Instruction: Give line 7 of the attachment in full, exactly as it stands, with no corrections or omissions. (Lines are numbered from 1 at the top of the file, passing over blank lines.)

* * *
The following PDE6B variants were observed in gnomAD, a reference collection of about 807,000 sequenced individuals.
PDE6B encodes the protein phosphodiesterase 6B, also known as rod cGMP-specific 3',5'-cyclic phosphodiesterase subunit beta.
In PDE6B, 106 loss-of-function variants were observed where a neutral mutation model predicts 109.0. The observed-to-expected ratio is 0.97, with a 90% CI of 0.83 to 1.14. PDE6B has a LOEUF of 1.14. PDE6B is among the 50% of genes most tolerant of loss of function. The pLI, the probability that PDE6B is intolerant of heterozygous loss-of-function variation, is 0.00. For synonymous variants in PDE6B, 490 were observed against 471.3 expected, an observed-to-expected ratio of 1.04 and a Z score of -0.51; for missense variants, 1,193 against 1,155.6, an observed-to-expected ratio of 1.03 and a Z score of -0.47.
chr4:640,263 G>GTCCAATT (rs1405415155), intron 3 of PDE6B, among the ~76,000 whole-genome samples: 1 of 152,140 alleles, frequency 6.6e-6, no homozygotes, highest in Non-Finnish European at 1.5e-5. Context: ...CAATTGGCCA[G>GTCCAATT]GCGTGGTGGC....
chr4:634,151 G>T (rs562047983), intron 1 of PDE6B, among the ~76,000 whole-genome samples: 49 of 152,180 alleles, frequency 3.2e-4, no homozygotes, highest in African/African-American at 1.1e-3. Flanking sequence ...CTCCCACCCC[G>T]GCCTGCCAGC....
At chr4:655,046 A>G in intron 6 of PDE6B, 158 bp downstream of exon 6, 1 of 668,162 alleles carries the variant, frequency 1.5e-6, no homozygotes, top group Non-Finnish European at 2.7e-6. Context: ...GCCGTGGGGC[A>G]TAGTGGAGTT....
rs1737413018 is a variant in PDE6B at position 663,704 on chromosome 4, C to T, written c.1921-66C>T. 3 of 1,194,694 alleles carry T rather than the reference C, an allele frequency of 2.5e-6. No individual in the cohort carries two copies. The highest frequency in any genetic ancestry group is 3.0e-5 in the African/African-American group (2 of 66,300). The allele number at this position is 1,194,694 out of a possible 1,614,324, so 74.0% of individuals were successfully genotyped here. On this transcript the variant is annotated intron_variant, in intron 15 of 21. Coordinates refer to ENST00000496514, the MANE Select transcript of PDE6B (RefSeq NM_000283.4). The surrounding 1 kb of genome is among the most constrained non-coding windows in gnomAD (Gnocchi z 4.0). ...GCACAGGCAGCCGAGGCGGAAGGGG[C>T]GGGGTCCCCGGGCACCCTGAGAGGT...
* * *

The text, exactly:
rs1737413018 is a variant in PDE6B at position 663,704 on chromosome 4, C to T, written c.1921-66C>T. 3 of 1,194,694 alleles carry T rather than the reference C, an allele frequency of 2.5e-6. No individual in the cohort carries two copies. The highest frequency in any genetic ancestry group is 3.0e-5 in the African/African-American group (2 of 66,300). The allele number at this position is 1,194,694 out of a possible 1,614,324, so 74.0% of individuals were successfully genotyped here. On this transcript the variant is annotated intron_variant, in intron 15 of 21. Coordinates refer to ENST00000496514, the MANE Select transcript of PDE6B (RefSeq NM_000283.4). The surrounding 1 kb of genome is among the most constrained non-coding windows in gnomAD (Gnocchi z 4.0). ...GCACAGGCAGCCGAGGCGGAAGGGG[C>T]GGGGTCCCCGGGCACCCTGAGAGGT...